Help navigating care network vital

Help navigating care network vital

Helen Jones devotes her time to providing social support for cancer patients.

Helen Jones devotes her time to providing social support for cancer patients.

Photo: Supplied

Social worker Helen Jones says one of the young patients she worked with left cats behind when she died. Jones liaised with a local organisation to rehouse the pets to honour the patient’s memory. The cats were the woman’s family, comfort and everything else that mattered to her after all, Jones says.

There was another time where Jones helped a homeless patient find accommodation. And a scenario where she supported a mother and her loved ones from cancer diagnosis through to the end of the women’s life.

One thing is for sure, in a job where Jones can see up to eight patients per day, the work is varied and her schedule is busy.

‘‘It’s everything from quite subtle work, like emotional support and sitting with people, to very practical issues.
‘‘But we do a lot of emotional support because of the nature of the crisis people are dealing with.’’ Jones, a senior social worker at cancer treatment centre Chris O’Brien Lifehouse, is part of a social work team that helps patients with counselling and practical matters like transport, legal, financial and immigration issues and access to community and government support.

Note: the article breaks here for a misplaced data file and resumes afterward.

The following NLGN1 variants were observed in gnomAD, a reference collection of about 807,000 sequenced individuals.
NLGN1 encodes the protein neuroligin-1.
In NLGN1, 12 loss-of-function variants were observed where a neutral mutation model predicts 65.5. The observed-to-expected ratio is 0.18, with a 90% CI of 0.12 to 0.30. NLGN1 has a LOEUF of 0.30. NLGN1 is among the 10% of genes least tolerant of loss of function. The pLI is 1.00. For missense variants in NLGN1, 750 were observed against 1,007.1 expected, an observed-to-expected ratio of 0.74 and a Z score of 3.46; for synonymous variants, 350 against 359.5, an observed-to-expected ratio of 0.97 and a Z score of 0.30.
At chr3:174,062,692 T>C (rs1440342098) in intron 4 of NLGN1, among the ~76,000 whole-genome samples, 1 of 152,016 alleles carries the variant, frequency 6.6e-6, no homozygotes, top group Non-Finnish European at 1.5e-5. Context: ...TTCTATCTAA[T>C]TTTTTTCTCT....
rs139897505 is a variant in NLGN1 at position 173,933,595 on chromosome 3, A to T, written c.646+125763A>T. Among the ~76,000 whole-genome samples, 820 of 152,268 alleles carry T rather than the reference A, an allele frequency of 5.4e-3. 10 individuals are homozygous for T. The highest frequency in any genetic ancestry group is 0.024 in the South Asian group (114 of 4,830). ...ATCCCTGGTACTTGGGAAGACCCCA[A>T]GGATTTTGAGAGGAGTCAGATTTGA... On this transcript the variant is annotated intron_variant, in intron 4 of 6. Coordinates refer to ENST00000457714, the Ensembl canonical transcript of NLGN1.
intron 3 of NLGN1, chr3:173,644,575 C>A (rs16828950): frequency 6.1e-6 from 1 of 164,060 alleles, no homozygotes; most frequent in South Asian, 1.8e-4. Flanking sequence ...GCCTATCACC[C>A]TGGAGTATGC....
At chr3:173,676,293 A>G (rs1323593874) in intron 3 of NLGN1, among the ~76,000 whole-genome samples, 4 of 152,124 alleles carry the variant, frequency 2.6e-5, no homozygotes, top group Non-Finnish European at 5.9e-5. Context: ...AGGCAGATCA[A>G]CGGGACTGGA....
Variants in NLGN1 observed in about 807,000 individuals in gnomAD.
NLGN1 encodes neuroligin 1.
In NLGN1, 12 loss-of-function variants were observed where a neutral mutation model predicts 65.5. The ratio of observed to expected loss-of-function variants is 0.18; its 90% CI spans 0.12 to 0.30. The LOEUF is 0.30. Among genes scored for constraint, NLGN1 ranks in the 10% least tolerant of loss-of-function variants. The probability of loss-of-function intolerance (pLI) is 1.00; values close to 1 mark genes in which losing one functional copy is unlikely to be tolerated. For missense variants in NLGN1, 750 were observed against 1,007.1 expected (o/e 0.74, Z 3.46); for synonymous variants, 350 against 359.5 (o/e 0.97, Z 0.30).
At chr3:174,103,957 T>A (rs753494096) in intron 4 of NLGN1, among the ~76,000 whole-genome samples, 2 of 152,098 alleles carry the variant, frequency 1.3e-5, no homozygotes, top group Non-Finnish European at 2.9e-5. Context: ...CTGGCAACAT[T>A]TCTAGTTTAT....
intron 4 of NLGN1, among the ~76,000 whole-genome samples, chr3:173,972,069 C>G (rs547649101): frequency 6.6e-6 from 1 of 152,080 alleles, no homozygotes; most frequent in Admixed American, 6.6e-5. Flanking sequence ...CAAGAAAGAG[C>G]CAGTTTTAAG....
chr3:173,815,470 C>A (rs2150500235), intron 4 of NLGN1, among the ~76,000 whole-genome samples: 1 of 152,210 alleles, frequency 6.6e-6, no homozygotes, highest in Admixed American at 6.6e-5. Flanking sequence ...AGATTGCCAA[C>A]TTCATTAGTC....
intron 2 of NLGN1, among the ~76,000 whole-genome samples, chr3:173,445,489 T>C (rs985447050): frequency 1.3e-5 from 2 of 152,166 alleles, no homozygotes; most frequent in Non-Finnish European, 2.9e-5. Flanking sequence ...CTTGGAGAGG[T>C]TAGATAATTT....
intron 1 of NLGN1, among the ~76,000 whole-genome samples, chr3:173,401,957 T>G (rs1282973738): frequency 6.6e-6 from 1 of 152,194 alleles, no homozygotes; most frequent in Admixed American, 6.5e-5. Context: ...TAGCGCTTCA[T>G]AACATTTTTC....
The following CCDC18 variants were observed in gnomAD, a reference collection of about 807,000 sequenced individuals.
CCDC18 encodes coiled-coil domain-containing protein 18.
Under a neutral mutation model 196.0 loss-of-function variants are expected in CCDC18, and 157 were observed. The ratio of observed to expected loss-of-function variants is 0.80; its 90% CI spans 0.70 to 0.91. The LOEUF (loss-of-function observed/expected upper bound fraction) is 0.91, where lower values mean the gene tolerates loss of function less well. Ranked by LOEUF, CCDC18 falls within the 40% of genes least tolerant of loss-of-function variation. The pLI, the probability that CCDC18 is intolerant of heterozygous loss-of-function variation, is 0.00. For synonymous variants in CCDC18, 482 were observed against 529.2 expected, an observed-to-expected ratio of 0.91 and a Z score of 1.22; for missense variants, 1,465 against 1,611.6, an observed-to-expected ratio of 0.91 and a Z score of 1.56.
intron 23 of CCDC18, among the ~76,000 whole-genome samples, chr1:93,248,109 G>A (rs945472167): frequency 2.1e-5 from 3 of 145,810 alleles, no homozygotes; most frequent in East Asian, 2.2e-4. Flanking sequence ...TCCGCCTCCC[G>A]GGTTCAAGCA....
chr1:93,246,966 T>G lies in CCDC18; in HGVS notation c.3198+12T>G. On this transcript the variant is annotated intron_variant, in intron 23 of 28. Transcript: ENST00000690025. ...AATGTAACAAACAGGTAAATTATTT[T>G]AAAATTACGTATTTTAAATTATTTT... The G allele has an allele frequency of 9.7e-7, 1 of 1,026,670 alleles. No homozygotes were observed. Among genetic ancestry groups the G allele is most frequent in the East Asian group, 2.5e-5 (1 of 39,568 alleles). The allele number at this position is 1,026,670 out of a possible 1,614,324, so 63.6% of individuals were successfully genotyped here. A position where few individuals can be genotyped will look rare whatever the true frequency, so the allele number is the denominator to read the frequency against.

Many patients she supports have complex needs and family dynamics that cancer diagnosis can wreak havoc with. They also deal with loss in the form of social interaction, physical function, self-image and identity.


Jones says social work’s deep foundation in social justice is pertinent in cancer care because cancer patients can encounter a lot of systemic injustice with matters such as income and housing.

‘‘That’s a really big thing for people wanting to be social workers,’’ says Jones. ‘‘It’s an ethical and philosophical orientation for social and systemic justice.’’ Jones’ first career was in primary school teaching (for about six years). She next spent a few decades in communications roles in financial services.

Before she switched to social work, however, she received her own cancer diagnosis. As she received cancer treatment, she undertook vocational guidance testing and started to fathom a career in social work.

After studying social work at Sydney University, she landed her first role as an orthopaedic social worker.

When she subsequently secured a social work job at Chris O’Brien Lifehouse, it was a longstanding goal fulfilled.

Life in oncology social work is a mix of great news and terrible news, says Jones, but becoming a senior social worker was certainly the former.

‘‘We have students and a younger social worker and now I’m in that position where I can be that person to answer questions and provide that support,’’ she says. ‘‘Having students can make you realise how much you do know.’’